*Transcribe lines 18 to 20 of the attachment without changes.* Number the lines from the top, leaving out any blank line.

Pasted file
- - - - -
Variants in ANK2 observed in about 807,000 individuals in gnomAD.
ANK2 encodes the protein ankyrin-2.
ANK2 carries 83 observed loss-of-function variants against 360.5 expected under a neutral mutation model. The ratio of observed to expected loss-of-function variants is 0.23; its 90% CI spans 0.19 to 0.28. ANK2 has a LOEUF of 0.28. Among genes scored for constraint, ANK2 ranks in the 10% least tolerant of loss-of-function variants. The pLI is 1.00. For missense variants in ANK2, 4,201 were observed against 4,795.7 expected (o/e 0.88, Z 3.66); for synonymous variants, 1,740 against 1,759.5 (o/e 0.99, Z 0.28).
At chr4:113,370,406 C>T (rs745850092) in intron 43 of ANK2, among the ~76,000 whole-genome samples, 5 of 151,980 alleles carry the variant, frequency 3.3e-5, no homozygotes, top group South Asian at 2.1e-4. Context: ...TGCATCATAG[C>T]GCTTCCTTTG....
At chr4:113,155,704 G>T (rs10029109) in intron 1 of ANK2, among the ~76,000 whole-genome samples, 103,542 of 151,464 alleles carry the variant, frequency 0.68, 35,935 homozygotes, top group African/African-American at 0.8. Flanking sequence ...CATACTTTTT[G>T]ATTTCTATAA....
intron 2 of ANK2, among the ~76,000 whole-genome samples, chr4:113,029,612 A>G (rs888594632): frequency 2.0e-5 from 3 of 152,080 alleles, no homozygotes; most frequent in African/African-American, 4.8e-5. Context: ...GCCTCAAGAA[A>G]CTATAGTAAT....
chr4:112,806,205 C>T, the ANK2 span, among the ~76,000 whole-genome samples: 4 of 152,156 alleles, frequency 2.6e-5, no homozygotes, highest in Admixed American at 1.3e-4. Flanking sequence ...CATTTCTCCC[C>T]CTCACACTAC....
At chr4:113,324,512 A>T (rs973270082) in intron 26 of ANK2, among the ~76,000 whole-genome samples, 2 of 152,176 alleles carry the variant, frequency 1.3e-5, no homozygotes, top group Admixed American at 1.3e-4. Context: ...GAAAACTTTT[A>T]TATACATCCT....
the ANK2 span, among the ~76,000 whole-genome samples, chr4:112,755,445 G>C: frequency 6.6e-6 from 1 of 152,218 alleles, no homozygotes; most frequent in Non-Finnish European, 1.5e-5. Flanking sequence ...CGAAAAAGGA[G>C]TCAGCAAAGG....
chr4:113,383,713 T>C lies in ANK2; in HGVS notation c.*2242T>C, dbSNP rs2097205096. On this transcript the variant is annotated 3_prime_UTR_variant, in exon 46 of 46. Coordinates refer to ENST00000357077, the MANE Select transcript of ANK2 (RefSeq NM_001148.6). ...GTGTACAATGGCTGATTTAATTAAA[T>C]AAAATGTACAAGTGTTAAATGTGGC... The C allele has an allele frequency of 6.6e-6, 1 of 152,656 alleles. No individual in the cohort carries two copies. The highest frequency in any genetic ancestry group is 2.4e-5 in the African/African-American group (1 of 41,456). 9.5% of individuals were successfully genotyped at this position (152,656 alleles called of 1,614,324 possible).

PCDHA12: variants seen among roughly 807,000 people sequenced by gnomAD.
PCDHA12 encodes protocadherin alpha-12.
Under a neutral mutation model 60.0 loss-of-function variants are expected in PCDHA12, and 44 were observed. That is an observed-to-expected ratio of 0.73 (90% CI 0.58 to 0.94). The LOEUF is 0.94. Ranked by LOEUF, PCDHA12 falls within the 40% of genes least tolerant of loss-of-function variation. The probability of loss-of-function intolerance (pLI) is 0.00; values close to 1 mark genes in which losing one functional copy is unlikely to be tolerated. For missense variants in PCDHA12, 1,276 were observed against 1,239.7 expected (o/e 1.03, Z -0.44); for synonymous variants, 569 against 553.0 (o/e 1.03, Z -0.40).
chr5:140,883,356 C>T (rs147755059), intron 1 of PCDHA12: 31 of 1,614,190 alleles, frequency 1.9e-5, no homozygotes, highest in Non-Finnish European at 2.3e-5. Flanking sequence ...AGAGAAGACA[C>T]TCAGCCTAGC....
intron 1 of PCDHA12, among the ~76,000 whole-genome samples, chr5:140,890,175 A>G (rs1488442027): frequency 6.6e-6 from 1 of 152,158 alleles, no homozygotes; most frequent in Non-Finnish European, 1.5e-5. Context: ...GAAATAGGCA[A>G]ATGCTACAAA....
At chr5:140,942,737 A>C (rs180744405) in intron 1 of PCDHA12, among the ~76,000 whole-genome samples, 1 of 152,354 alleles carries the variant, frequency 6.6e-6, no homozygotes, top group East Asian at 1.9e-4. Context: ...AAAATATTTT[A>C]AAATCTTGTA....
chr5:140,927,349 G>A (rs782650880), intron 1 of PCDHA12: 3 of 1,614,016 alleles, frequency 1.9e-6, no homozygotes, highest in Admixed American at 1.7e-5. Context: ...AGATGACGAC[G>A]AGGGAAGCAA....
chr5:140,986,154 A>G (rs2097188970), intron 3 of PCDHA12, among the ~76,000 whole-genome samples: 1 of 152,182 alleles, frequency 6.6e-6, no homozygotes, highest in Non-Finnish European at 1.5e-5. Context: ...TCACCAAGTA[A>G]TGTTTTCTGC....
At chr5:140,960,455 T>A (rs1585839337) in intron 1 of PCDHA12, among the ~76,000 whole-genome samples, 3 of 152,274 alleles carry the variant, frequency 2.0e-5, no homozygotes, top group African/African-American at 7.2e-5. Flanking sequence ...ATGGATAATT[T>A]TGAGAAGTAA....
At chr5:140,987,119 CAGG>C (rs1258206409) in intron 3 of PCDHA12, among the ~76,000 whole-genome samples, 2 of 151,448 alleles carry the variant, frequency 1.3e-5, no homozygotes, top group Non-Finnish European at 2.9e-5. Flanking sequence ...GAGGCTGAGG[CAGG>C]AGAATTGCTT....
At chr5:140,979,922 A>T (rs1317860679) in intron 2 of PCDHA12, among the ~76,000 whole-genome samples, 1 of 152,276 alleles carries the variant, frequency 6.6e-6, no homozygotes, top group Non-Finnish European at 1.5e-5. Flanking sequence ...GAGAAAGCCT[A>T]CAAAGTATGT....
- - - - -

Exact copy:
chr5:140,986,154 A>G (rs2097188970), intron 3 of PCDHA12, among the ~76,000 whole-genome samples: 1 of 152,182 alleles, frequency 6.6e-6, no homozygotes, highest in Non-Finnish European at 1.5e-5. Context: ...TCACCAAGTA[A>G]TGTTTTCTGC....
At chr5:140,960,455 T>A (rs1585839337) in intron 1 of PCDHA12, among the ~76,000 whole-genome samples, 3 of 152,274 alleles carry the variant, frequency 2.0e-5, no homozygotes, top group African/African-American at 7.2e-5. Flanking sequence ...ATGGATAATT[T>A]TGAGAAGTAA....
At chr5:140,987,119 CAGG>C (rs1258206409) in intron 3 of PCDHA12, among the ~76,000 whole-genome samples, 2 of 151,448 alleles carry the variant, frequency 1.3e-5, no homozygotes, top group Non-Finnish European at 2.9e-5. Flanking sequence ...GAGGCTGAGG[CAGG>C]AGAATTGCTT....